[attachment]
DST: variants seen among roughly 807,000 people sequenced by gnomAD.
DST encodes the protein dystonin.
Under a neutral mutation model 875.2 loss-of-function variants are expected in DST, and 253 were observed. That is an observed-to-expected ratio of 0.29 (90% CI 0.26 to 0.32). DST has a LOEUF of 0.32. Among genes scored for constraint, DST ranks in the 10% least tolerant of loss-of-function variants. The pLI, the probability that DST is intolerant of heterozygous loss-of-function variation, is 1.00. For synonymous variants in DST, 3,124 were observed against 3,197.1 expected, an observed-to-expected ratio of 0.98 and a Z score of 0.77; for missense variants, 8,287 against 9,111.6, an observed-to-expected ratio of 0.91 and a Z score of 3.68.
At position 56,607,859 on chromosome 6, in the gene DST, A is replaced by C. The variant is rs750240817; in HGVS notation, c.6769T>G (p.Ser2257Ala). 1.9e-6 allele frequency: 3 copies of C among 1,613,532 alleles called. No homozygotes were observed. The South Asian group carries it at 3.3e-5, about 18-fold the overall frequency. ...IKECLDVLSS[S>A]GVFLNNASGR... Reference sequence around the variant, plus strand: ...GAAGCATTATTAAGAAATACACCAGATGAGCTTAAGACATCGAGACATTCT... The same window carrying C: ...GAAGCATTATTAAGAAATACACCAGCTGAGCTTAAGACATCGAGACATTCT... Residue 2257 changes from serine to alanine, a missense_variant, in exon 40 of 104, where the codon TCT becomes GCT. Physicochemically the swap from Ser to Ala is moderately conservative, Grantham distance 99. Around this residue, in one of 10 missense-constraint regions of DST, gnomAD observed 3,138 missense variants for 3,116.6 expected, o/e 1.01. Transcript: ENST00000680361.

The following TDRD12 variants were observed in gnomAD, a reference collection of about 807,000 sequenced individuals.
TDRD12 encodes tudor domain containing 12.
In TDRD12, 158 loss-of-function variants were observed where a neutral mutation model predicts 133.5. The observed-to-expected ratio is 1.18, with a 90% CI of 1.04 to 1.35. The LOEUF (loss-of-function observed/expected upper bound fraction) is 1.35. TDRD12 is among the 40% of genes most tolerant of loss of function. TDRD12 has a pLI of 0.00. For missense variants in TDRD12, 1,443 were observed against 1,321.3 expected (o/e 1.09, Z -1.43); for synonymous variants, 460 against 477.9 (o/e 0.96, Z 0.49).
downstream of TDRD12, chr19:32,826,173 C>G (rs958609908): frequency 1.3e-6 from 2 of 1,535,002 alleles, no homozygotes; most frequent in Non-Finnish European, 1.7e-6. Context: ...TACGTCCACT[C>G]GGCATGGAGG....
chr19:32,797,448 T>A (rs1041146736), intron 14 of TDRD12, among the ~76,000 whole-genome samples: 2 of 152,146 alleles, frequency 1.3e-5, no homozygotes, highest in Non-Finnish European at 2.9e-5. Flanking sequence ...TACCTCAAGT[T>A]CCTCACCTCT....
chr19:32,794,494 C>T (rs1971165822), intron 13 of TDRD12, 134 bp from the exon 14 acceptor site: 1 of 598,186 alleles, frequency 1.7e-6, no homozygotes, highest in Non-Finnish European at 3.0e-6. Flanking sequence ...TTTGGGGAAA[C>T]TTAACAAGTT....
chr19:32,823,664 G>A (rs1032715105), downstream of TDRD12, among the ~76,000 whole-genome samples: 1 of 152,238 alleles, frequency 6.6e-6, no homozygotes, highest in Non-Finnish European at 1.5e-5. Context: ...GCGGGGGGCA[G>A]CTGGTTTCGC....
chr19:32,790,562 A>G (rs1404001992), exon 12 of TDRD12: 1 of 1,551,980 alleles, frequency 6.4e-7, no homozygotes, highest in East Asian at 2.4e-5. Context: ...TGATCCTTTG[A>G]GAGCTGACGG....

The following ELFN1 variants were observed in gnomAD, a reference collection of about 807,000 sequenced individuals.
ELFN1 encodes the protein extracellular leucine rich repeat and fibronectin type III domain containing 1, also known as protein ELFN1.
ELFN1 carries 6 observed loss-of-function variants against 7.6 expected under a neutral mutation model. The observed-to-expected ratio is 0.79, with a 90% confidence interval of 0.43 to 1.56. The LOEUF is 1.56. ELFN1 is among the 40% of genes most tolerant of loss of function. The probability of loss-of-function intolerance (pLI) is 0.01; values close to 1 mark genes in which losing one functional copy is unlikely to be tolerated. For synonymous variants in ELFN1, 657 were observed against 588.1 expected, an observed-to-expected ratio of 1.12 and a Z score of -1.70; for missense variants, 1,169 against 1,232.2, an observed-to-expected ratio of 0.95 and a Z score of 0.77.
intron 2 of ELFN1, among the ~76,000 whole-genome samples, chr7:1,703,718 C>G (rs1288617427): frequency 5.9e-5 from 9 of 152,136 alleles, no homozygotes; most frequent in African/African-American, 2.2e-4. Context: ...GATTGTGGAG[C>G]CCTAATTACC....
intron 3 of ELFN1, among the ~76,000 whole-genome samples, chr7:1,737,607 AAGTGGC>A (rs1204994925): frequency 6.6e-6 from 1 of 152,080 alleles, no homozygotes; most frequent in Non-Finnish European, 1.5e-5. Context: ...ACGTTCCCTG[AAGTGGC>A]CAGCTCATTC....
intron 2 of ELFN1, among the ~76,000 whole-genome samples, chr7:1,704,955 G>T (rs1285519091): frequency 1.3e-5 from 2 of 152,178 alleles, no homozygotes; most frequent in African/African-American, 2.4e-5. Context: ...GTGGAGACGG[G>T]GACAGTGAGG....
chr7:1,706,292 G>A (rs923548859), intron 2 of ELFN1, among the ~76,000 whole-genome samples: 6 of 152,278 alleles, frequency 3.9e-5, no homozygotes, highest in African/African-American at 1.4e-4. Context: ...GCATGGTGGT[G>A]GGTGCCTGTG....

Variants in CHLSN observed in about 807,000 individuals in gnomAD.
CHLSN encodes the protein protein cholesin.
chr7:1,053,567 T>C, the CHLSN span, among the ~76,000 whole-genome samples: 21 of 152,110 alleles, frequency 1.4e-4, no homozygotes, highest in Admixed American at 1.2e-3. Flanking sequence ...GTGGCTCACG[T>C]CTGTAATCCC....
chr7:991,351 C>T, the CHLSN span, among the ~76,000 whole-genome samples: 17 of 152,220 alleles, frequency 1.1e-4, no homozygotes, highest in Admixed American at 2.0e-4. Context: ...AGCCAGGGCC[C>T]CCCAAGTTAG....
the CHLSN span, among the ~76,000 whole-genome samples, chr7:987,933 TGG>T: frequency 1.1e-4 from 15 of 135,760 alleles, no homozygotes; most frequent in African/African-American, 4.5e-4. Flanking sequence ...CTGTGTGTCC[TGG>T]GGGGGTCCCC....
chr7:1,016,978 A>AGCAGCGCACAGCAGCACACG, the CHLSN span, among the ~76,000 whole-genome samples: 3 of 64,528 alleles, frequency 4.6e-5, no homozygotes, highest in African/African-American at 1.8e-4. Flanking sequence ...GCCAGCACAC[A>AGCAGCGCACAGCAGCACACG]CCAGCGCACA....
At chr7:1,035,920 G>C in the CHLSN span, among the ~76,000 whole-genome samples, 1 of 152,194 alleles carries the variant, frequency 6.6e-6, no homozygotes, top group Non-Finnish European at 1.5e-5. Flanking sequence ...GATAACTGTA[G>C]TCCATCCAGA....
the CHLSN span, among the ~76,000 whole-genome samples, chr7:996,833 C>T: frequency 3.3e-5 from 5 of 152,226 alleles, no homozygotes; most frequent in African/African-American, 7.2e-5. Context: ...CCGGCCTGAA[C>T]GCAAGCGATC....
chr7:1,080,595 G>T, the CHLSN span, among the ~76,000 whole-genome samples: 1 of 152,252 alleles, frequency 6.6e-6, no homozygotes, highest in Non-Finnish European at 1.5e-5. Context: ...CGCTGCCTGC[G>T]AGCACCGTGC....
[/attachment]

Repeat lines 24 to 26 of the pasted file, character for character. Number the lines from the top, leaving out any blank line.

the CHLSN span, among the ~76,000 whole-genome samples, chr7:987,933 TGG>T: frequency 1.1e-4 from 15 of 135,760 alleles, no homozygotes; most frequent in African/African-American, 4.5e-4. Flanking sequence ...CTGTGTGTCC[TGG>T]GGGGGTCCCC....
chr7:1,016,978 A>AGCAGCGCACAGCAGCACACG, the CHLSN span, among the ~76,000 whole-genome samples: 3 of 64,528 alleles, frequency 4.6e-5, no homozygotes, highest in African/African-American at 1.8e-4. Flanking sequence ...GCCAGCACAC[A>AGCAGCGCACAGCAGCACACG]CCAGCGCACA....
At chr7:1,035,920 G>C in the CHLSN span, among the ~76,000 whole-genome samples, 1 of 152,194 alleles carries the variant, frequency 6.6e-6, no homozygotes, top group Non-Finnish European at 1.5e-5. Flanking sequence ...GATAACTGTA[G>C]TCCATCCAGA....